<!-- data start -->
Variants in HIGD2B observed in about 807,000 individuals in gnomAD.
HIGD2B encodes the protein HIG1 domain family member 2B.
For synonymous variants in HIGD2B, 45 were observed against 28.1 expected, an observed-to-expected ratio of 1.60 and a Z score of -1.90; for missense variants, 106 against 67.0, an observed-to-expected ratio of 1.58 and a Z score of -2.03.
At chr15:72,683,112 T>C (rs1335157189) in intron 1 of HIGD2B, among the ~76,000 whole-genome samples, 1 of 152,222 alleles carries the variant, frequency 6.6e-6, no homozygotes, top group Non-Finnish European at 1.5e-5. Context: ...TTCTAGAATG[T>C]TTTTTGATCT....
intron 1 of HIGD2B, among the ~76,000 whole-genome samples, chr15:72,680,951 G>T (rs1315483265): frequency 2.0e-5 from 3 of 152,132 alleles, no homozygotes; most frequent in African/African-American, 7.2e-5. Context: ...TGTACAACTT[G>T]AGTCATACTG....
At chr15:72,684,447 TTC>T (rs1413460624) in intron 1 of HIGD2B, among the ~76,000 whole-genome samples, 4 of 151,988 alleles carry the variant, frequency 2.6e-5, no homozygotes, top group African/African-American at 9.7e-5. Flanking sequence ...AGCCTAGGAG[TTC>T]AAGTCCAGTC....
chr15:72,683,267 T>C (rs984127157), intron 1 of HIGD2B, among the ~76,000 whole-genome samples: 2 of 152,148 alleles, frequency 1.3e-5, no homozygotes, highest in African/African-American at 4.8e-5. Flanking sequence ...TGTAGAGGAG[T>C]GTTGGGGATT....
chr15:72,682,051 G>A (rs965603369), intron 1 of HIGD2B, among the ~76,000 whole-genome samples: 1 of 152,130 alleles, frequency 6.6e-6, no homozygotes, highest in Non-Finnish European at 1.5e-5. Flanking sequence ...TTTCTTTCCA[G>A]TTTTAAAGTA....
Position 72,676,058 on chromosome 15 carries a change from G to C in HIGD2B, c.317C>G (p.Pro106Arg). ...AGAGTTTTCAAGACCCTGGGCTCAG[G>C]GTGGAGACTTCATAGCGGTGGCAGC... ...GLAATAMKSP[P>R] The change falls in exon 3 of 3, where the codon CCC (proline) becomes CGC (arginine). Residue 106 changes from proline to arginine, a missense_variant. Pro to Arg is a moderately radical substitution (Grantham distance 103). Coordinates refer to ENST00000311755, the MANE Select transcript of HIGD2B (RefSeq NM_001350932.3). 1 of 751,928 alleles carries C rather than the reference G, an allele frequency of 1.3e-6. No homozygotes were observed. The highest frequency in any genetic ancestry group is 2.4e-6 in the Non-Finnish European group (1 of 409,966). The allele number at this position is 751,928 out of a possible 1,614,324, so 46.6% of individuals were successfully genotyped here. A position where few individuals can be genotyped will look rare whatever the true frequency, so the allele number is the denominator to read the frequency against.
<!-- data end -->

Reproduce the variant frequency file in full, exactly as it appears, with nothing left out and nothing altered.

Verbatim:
Variants in HIGD2B observed in about 807,000 individuals in gnomAD.
HIGD2B encodes the protein HIG1 domain family member 2B.
For synonymous variants in HIGD2B, 45 were observed against 28.1 expected, an observed-to-expected ratio of 1.60 and a Z score of -1.90; for missense variants, 106 against 67.0, an observed-to-expected ratio of 1.58 and a Z score of -2.03.
At chr15:72,683,112 T>C (rs1335157189) in intron 1 of HIGD2B, among the ~76,000 whole-genome samples, 1 of 152,222 alleles carries the variant, frequency 6.6e-6, no homozygotes, top group Non-Finnish European at 1.5e-5. Context: ...TTCTAGAATG[T>C]TTTTTGATCT....
intron 1 of HIGD2B, among the ~76,000 whole-genome samples, chr15:72,680,951 G>T (rs1315483265): frequency 2.0e-5 from 3 of 152,132 alleles, no homozygotes; most frequent in African/African-American, 7.2e-5. Context: ...TGTACAACTT[G>T]AGTCATACTG....
At chr15:72,684,447 TTC>T (rs1413460624) in intron 1 of HIGD2B, among the ~76,000 whole-genome samples, 4 of 151,988 alleles carry the variant, frequency 2.6e-5, no homozygotes, top group African/African-American at 9.7e-5. Flanking sequence ...AGCCTAGGAG[TTC>T]AAGTCCAGTC....
chr15:72,683,267 T>C (rs984127157), intron 1 of HIGD2B, among the ~76,000 whole-genome samples: 2 of 152,148 alleles, frequency 1.3e-5, no homozygotes, highest in African/African-American at 4.8e-5. Flanking sequence ...TGTAGAGGAG[T>C]GTTGGGGATT....
chr15:72,682,051 G>A (rs965603369), intron 1 of HIGD2B, among the ~76,000 whole-genome samples: 1 of 152,130 alleles, frequency 6.6e-6, no homozygotes, highest in Non-Finnish European at 1.5e-5. Flanking sequence ...TTTCTTTCCA[G>A]TTTTAAAGTA....
Position 72,676,058 on chromosome 15 carries a change from G to C in HIGD2B, c.317C>G (p.Pro106Arg). ...AGAGTTTTCAAGACCCTGGGCTCAG[G>C]GTGGAGACTTCATAGCGGTGGCAGC... ...GLAATAMKSP[P>R] The change falls in exon 3 of 3, where the codon CCC (proline) becomes CGC (arginine). Residue 106 changes from proline to arginine, a missense_variant. Pro to Arg is a moderately radical substitution (Grantham distance 103). Coordinates refer to ENST00000311755, the MANE Select transcript of HIGD2B (RefSeq NM_001350932.3). 1 of 751,928 alleles carries C rather than the reference G, an allele frequency of 1.3e-6. No homozygotes were observed. The highest frequency in any genetic ancestry group is 2.4e-6 in the Non-Finnish European group (1 of 409,966). The allele number at this position is 751,928 out of a possible 1,614,324, so 46.6% of individuals were successfully genotyped here. A position where few individuals can be genotyped will look rare whatever the true frequency, so the allele number is the denominator to read the frequency against.